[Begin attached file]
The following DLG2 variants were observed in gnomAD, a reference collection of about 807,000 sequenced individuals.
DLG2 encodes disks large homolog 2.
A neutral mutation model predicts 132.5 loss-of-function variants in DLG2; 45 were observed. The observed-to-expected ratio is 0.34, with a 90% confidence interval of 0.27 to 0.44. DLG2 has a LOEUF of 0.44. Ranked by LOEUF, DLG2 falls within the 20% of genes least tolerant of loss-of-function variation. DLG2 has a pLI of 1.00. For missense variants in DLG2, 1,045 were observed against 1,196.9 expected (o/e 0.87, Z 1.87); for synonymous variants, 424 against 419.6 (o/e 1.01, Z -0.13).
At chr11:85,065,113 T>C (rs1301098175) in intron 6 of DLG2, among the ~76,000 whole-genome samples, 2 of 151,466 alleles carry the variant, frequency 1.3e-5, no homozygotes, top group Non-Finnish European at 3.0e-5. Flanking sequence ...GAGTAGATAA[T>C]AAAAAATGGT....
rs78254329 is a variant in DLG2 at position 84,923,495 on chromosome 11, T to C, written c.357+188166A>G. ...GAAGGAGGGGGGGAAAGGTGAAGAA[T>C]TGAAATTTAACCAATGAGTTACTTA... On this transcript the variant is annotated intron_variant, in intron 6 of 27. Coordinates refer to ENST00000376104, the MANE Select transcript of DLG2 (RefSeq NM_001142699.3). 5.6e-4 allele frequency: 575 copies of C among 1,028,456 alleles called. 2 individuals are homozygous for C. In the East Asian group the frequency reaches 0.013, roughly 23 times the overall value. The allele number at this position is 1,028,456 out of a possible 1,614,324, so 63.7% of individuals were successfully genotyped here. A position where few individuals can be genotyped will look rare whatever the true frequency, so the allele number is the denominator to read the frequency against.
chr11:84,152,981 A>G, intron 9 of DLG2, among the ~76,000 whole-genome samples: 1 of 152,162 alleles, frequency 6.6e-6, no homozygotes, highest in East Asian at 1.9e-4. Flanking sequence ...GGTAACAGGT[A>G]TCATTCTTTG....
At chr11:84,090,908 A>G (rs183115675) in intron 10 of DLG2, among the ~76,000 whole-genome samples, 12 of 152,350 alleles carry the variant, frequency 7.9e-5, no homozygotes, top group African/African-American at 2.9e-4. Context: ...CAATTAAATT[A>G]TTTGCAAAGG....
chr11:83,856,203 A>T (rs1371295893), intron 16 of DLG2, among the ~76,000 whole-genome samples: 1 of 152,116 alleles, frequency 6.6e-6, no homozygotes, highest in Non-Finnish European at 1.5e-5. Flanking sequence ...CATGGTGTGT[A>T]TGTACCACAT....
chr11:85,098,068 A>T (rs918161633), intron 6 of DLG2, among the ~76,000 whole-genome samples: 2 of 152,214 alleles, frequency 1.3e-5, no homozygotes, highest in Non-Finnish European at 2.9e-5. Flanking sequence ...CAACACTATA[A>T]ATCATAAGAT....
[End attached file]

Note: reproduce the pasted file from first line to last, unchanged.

The following DLG2 variants were observed in gnomAD, a reference collection of about 807,000 sequenced individuals.
DLG2 encodes disks large homolog 2.
A neutral mutation model predicts 132.5 loss-of-function variants in DLG2; 45 were observed. The observed-to-expected ratio is 0.34, with a 90% confidence interval of 0.27 to 0.44. DLG2 has a LOEUF of 0.44. Ranked by LOEUF, DLG2 falls within the 20% of genes least tolerant of loss-of-function variation. DLG2 has a pLI of 1.00. For missense variants in DLG2, 1,045 were observed against 1,196.9 expected (o/e 0.87, Z 1.87); for synonymous variants, 424 against 419.6 (o/e 1.01, Z -0.13).
At chr11:85,065,113 T>C (rs1301098175) in intron 6 of DLG2, among the ~76,000 whole-genome samples, 2 of 151,466 alleles carry the variant, frequency 1.3e-5, no homozygotes, top group Non-Finnish European at 3.0e-5. Flanking sequence ...GAGTAGATAA[T>C]AAAAAATGGT....
rs78254329 is a variant in DLG2 at position 84,923,495 on chromosome 11, T to C, written c.357+188166A>G. ...GAAGGAGGGGGGGAAAGGTGAAGAA[T>C]TGAAATTTAACCAATGAGTTACTTA... On this transcript the variant is annotated intron_variant, in intron 6 of 27. Coordinates refer to ENST00000376104, the MANE Select transcript of DLG2 (RefSeq NM_001142699.3). 5.6e-4 allele frequency: 575 copies of C among 1,028,456 alleles called. 2 individuals are homozygous for C. In the East Asian group the frequency reaches 0.013, roughly 23 times the overall value. The allele number at this position is 1,028,456 out of a possible 1,614,324, so 63.7% of individuals were successfully genotyped here. A position where few individuals can be genotyped will look rare whatever the true frequency, so the allele number is the denominator to read the frequency against.
chr11:84,152,981 A>G, intron 9 of DLG2, among the ~76,000 whole-genome samples: 1 of 152,162 alleles, frequency 6.6e-6, no homozygotes, highest in East Asian at 1.9e-4. Flanking sequence ...GGTAACAGGT[A>G]TCATTCTTTG....
At chr11:84,090,908 A>G (rs183115675) in intron 10 of DLG2, among the ~76,000 whole-genome samples, 12 of 152,350 alleles carry the variant, frequency 7.9e-5, no homozygotes, top group African/African-American at 2.9e-4. Context: ...CAATTAAATT[A>G]TTTGCAAAGG....
chr11:83,856,203 A>T (rs1371295893), intron 16 of DLG2, among the ~76,000 whole-genome samples: 1 of 152,116 alleles, frequency 6.6e-6, no homozygotes, highest in Non-Finnish European at 1.5e-5. Flanking sequence ...CATGGTGTGT[A>T]TGTACCACAT....
chr11:85,098,068 A>T (rs918161633), intron 6 of DLG2, among the ~76,000 whole-genome samples: 2 of 152,214 alleles, frequency 1.3e-5, no homozygotes, highest in Non-Finnish European at 2.9e-5. Flanking sequence ...CAACACTATA[A>T]ATCATAAGAT....